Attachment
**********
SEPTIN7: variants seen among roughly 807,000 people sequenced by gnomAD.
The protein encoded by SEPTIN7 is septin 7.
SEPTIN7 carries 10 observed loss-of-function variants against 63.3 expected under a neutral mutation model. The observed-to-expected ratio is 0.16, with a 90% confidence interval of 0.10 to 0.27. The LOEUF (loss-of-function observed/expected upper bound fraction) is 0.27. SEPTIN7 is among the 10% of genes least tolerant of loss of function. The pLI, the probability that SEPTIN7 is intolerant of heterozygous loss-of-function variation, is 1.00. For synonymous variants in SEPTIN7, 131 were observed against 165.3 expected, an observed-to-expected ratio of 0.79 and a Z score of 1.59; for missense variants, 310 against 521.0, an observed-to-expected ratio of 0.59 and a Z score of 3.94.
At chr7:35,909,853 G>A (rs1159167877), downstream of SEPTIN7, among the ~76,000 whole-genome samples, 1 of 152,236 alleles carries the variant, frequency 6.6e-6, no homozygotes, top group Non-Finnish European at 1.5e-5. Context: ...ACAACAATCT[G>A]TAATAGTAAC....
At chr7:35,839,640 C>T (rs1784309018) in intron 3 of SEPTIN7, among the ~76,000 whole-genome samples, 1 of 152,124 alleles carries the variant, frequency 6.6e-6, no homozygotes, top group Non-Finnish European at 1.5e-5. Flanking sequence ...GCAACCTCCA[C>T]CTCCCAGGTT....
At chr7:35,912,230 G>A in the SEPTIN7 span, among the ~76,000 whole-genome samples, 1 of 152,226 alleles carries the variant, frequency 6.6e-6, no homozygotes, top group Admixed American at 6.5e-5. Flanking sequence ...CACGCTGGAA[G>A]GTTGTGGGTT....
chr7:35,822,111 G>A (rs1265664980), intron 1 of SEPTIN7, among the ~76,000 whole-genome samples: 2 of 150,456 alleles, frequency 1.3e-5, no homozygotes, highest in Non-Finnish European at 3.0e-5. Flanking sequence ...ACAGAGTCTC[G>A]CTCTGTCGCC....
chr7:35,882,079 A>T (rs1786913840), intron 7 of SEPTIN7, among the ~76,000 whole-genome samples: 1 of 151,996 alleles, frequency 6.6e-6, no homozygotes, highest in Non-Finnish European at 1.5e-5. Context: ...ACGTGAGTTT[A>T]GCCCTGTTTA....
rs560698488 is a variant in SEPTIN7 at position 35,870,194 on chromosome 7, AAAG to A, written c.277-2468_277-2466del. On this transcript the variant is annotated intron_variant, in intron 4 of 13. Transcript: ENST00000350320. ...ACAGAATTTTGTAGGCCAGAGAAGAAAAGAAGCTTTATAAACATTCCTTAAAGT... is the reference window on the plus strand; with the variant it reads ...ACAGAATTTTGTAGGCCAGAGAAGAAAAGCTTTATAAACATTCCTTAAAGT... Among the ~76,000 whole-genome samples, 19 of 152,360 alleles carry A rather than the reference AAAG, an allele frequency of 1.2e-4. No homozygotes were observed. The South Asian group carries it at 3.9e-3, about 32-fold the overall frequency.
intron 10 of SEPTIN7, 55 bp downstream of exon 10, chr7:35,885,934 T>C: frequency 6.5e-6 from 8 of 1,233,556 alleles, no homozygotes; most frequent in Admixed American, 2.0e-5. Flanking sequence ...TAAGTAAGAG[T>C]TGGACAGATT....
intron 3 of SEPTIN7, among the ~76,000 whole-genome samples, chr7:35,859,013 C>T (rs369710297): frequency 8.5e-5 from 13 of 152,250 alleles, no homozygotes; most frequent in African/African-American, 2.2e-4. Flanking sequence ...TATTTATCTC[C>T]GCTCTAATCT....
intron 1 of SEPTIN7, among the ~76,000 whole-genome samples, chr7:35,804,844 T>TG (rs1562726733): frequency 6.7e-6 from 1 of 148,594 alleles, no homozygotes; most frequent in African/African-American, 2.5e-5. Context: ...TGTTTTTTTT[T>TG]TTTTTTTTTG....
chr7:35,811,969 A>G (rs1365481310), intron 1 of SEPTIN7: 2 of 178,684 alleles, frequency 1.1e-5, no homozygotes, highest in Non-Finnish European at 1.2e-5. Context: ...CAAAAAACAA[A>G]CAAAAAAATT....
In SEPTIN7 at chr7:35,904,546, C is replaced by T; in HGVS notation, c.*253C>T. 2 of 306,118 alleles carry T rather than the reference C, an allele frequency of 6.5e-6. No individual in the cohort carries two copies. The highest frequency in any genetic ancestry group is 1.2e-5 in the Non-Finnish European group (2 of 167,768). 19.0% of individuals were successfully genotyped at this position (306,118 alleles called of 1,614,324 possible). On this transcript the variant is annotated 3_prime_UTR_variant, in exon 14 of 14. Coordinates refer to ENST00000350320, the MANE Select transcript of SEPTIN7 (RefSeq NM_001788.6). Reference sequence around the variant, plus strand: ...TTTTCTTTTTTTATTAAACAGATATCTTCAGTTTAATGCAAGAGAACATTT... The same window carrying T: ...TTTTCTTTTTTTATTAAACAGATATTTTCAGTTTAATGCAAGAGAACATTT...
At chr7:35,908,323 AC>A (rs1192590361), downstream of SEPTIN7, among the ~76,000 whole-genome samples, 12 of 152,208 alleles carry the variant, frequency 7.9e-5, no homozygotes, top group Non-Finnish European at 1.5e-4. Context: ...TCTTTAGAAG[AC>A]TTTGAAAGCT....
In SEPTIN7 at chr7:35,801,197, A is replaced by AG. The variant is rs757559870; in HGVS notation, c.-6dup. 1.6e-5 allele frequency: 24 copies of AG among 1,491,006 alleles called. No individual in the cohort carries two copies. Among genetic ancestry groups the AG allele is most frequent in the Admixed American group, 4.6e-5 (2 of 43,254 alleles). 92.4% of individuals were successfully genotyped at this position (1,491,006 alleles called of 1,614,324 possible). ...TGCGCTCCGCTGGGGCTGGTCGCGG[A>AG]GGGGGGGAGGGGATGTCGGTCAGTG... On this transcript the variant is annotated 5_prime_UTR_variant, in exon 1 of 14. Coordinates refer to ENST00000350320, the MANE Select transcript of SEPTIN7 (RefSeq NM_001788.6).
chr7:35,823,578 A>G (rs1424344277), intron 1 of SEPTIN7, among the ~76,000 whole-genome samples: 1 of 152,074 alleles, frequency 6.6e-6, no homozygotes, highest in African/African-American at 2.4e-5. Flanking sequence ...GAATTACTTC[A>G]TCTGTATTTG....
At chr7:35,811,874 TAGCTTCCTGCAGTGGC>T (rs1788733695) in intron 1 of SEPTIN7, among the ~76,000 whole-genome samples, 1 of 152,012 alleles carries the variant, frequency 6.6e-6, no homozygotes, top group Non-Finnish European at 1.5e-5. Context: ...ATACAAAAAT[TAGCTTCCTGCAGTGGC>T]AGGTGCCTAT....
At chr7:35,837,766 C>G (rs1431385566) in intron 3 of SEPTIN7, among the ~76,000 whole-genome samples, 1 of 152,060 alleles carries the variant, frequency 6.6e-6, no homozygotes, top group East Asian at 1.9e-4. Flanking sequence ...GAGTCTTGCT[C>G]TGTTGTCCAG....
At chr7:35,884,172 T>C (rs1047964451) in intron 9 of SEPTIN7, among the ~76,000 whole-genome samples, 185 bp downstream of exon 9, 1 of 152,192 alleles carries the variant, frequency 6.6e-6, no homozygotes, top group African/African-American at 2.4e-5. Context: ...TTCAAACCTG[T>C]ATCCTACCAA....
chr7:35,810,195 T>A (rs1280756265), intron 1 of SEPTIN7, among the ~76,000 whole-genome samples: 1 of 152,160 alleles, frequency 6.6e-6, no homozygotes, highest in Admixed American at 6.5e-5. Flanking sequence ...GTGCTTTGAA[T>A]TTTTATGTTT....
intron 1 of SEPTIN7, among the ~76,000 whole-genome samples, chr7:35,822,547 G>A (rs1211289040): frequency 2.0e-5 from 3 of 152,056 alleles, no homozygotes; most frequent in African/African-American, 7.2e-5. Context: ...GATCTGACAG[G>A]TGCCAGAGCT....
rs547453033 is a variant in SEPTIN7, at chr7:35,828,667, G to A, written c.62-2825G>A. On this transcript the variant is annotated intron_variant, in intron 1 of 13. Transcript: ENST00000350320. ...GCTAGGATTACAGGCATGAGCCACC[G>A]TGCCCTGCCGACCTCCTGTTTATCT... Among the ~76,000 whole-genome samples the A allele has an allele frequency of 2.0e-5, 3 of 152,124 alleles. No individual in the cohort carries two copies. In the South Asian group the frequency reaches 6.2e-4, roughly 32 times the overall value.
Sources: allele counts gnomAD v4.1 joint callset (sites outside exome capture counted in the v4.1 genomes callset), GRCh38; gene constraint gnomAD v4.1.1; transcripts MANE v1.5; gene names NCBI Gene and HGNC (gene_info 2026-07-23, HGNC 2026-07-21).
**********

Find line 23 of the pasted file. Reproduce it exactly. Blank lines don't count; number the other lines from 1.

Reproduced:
rs547453033 is a variant in SEPTIN7, at chr7:35,828,667, G to A, written c.62-2825G>A. On this transcript the variant is annotated intron_variant, in intron 1 of 13. Transcript: ENST00000350320. ...GCTAGGATTACAGGCATGAGCCACC[G>A]TGCCCTGCCGACCTCCTGTTTATCT... Among the ~76,000 whole-genome samples the A allele has an allele frequency of 2.0e-5, 3 of 152,124 alleles. No individual in the cohort carries two copies. In the South Asian group the frequency reaches 6.2e-4, roughly 32 times the overall value.